By Marcus Dysch
July 25, 2011
Admittedly I’m not a regular reader of the West Sussex County Times, but something in this week’s paper caught my eye.
The paper has an exclusive, headlined “Woman describes her Israel trip from hell”, on page six of this week’s edition.
It sounds a fascinating tale – the intro alone reveals how a West Chiltington woman told of her “ordeal in an Israeli prison”.
I decided to read on:
“Audrey Gray, 77, was invited to Bethlehem to a refugee camp to help plant olive trees.”
Average West Chiltington readers must have been gripped by this terrifying account of one of their own being banged up abroad. Indeed, even I was almost concerned about the poor pensioner’s plight. But then, with the next line, the penny dropped.
”However, when she reached Tel Aviv Ben Gurion international airport, she, along with 12 others, was arrested.”
Arrested with 12 others? Hmm, that sounds like something we should have heard about before, surely? If you havent worked it out already you soon will. But let us continue with our story. (Unfortunately I’ve not been able to find an online version of the story to link to.)
Ms Gray told the paper she was “just visiting friends” and “didn’t think there would be a problem”. Her treatment in the prison was “inhumane” – there was “just no humanity”. Ms Gray “lost all concept of time” and “couldn’t really remember a life before or after”.
According to reporter Charlotte Pearson, Ms Gray and her friends were “never told why they had been arrested”, even when boarding their plane home.
The story, as educated readers of the Jewish Chronicle will realise, is something of a perversion of the truth.
Even at her advanced age, Ms Gray is clearly a master of media spin. She was, of course, one of the 12 anti-Israel activists held after flying to the country as part of the “flytilla” campaign three weeks ago. Not that you’d know it from the West Sussex County Times’s story – it fails to mention the well-publicised campaign even once.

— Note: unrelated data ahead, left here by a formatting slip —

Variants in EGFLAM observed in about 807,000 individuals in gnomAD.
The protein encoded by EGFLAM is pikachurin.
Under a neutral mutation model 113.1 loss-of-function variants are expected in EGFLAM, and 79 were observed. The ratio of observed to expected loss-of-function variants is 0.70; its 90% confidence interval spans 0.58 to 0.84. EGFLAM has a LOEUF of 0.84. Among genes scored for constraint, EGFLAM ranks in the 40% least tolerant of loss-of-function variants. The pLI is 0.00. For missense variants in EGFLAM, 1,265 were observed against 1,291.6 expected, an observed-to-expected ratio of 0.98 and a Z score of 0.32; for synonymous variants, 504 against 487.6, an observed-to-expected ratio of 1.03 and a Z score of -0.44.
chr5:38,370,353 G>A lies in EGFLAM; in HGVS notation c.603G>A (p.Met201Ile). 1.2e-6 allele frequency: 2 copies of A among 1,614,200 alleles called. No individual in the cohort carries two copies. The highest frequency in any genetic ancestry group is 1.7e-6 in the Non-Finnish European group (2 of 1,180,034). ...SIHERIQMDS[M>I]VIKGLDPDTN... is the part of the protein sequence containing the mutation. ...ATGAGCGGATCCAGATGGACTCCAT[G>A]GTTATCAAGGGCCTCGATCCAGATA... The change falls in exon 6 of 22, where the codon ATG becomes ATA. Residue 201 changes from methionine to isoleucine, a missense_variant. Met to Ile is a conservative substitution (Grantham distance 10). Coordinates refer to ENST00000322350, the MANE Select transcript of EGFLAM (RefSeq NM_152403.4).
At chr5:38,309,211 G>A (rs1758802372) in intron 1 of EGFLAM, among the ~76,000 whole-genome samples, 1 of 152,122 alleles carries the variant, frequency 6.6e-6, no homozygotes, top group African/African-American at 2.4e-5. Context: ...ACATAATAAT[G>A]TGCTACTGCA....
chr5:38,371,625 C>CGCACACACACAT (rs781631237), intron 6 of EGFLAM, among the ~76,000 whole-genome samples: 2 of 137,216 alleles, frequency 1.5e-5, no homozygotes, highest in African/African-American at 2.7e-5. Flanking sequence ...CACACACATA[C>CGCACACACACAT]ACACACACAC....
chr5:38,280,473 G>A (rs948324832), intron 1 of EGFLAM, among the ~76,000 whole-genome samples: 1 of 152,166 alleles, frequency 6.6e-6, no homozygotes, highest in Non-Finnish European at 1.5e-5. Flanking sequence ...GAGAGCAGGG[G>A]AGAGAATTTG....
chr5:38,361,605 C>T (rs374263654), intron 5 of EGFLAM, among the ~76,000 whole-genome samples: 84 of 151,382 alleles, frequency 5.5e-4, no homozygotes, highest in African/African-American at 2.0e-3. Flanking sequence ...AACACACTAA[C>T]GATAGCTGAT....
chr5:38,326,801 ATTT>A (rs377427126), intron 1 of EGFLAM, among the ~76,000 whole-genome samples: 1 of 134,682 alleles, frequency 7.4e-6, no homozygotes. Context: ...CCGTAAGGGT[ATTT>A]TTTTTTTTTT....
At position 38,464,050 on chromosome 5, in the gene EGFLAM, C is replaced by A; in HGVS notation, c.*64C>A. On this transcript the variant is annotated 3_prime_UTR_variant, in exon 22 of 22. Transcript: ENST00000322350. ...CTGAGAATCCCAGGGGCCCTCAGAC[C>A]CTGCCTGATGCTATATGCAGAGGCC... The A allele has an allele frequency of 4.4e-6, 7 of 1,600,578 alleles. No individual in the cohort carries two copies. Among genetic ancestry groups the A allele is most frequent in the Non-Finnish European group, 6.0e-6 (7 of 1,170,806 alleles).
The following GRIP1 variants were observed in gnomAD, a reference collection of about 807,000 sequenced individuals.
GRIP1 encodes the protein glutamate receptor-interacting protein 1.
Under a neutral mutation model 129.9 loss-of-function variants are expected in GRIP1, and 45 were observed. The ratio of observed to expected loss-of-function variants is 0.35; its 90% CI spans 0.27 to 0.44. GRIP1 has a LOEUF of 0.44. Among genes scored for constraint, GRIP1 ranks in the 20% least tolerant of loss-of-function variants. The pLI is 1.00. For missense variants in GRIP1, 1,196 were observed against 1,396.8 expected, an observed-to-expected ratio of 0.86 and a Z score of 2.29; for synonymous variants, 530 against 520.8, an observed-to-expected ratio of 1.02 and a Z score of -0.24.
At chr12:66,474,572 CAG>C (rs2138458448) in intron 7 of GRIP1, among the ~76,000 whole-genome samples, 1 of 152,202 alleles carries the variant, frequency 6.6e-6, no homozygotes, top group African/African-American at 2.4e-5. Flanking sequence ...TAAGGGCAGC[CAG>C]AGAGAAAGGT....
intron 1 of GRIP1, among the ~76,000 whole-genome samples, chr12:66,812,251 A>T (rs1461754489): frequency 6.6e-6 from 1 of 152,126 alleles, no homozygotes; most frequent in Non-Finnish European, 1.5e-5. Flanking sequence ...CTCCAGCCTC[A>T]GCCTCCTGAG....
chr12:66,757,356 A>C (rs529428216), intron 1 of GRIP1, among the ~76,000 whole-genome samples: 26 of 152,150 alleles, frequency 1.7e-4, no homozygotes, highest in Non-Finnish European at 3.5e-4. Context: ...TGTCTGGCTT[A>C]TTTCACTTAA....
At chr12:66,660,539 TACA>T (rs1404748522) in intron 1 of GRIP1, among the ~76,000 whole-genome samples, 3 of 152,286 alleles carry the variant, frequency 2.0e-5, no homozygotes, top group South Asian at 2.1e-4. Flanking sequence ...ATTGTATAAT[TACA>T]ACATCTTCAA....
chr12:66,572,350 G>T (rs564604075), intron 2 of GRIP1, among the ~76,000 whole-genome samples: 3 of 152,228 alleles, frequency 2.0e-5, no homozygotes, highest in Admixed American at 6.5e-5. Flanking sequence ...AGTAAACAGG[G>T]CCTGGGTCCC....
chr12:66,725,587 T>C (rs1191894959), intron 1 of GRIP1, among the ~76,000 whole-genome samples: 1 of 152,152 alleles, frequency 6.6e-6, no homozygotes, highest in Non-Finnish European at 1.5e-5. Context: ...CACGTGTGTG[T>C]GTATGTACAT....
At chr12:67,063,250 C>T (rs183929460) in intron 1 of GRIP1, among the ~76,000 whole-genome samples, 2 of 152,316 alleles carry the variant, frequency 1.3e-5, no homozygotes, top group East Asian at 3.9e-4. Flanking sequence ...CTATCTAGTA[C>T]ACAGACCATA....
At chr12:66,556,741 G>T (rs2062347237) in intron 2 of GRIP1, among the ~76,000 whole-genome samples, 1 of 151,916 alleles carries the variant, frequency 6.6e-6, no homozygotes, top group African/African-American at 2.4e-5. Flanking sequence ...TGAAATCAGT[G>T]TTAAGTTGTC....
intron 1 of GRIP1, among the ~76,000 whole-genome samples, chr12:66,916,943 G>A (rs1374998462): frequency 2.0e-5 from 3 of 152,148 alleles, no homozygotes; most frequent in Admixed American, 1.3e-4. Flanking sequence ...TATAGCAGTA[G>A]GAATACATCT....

To an unknowing reader, this is viewed as an open-and-shut case.
So is this a one-off piece of poor standards from a reporter who has been fed a line and fallen for it, or something indicative of a wider problem?
Having served time myself on a number of local papers, I’ll suggest the former, with an element of the latter for good measure. Ms Pearson cannot really be expected to understand the intricacies of the Israeli-Palestinian conflict when reporting on village fetes in West Chiltington any more than I could have been expected to understand the situation facing Iranians in Barnet when I was reporting on their plight in between ducking in and out of Barnet Council meetings.
But did it not cross Ms Pearson's mind at any point to perhaps contact the Israeli Embassy to ask for its version of events?
Did she not think it wise to inform readers of the wider context of Ms Gray’s visit? It would have been perfectly possible to give a similar account of what happened to the 77-year-old while including the fact that she was in Israel specifically to take part in the "flytilla" protest.
Whether Ms Pearson will explain why her story failed to mention a single word of explanation about the true nature of pro-Palestinian activist Ms Gray’s visit remains to be seen.
But it is clear that the wider problem – the effectiveness with which anti-Israel campaigners are finding a voice in local and national media – is a rising problem for Israel and her supporters.
How many West Chiltingtonians will have taken the story at face value, convinced that Israel randomly stops British pensioners who have been “invited” to refugee camps, bangs them up for a few days and then sends them packing?
Out of its true context, the story presents a wholly negative view of Israel to readers who may rarely consider any in-depth news about the country, or indeed the Palestinian territories.
Thankfully, pro-Israel campaigners around Britain – many of them Christians like Ms Gray – are now raising their efforts to put across Israel's view and combat the overwhelmingly negative portrayal in the British media.
But with stories such as this slipping into local papers up and down the country every week - often missed and unchallenged by Israel's friends - a cynic might suggest the pro-Israel camp has its work cut out.